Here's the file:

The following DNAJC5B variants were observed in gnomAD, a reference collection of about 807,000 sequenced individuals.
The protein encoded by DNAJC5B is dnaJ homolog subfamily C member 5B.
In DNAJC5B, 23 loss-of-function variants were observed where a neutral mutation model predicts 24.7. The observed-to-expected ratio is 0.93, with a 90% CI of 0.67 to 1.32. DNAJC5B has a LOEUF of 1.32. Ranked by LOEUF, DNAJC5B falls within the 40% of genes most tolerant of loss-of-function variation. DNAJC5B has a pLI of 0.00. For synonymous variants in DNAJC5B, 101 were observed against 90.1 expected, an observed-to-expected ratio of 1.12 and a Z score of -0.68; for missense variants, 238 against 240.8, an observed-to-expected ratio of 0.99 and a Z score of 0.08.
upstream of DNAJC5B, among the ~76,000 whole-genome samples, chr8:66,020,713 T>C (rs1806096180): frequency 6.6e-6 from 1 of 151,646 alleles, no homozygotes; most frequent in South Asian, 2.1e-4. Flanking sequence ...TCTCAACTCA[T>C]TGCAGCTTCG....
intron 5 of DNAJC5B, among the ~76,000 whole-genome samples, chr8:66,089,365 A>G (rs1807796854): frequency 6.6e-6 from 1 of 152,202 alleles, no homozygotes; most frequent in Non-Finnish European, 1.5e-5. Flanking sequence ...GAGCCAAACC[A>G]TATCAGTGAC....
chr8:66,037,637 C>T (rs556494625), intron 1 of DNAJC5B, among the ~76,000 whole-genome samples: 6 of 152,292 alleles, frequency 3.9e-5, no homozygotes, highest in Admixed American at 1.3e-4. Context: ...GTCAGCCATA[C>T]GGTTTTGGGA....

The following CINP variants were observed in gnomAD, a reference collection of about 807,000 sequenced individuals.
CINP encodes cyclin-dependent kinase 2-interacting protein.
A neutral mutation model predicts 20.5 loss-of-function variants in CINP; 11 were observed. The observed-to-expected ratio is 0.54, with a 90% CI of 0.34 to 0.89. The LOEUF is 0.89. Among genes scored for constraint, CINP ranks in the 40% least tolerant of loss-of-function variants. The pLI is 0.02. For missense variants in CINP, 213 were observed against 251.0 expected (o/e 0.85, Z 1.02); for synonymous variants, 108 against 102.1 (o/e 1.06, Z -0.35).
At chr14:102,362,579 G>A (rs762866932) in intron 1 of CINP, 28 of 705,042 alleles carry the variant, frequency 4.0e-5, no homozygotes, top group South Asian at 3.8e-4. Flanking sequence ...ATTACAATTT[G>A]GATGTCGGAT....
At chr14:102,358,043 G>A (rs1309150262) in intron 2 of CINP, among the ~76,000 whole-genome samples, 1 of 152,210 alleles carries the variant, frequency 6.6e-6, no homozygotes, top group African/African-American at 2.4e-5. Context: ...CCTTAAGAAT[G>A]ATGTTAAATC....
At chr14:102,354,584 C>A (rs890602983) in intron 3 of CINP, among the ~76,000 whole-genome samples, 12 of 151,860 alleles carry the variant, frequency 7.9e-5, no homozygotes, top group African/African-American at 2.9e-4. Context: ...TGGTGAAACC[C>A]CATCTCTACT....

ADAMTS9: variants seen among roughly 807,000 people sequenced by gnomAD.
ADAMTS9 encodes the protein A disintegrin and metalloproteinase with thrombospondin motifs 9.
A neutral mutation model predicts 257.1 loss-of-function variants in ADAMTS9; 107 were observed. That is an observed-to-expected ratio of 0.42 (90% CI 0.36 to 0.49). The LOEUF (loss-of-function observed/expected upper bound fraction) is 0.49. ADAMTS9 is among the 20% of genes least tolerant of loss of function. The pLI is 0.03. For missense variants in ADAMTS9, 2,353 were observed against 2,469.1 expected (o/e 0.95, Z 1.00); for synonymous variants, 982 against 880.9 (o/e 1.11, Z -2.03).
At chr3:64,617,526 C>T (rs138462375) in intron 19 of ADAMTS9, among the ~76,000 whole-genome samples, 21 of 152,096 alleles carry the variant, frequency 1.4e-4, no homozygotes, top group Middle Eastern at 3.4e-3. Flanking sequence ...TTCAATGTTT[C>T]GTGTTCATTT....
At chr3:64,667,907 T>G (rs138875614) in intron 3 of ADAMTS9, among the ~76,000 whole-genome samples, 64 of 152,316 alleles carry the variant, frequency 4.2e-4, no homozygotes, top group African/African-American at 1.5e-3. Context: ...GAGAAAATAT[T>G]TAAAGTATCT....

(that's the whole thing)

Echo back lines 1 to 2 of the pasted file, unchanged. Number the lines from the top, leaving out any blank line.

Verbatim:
The following DNAJC5B variants were observed in gnomAD, a reference collection of about 807,000 sequenced individuals.
The protein encoded by DNAJC5B is dnaJ homolog subfamily C member 5B.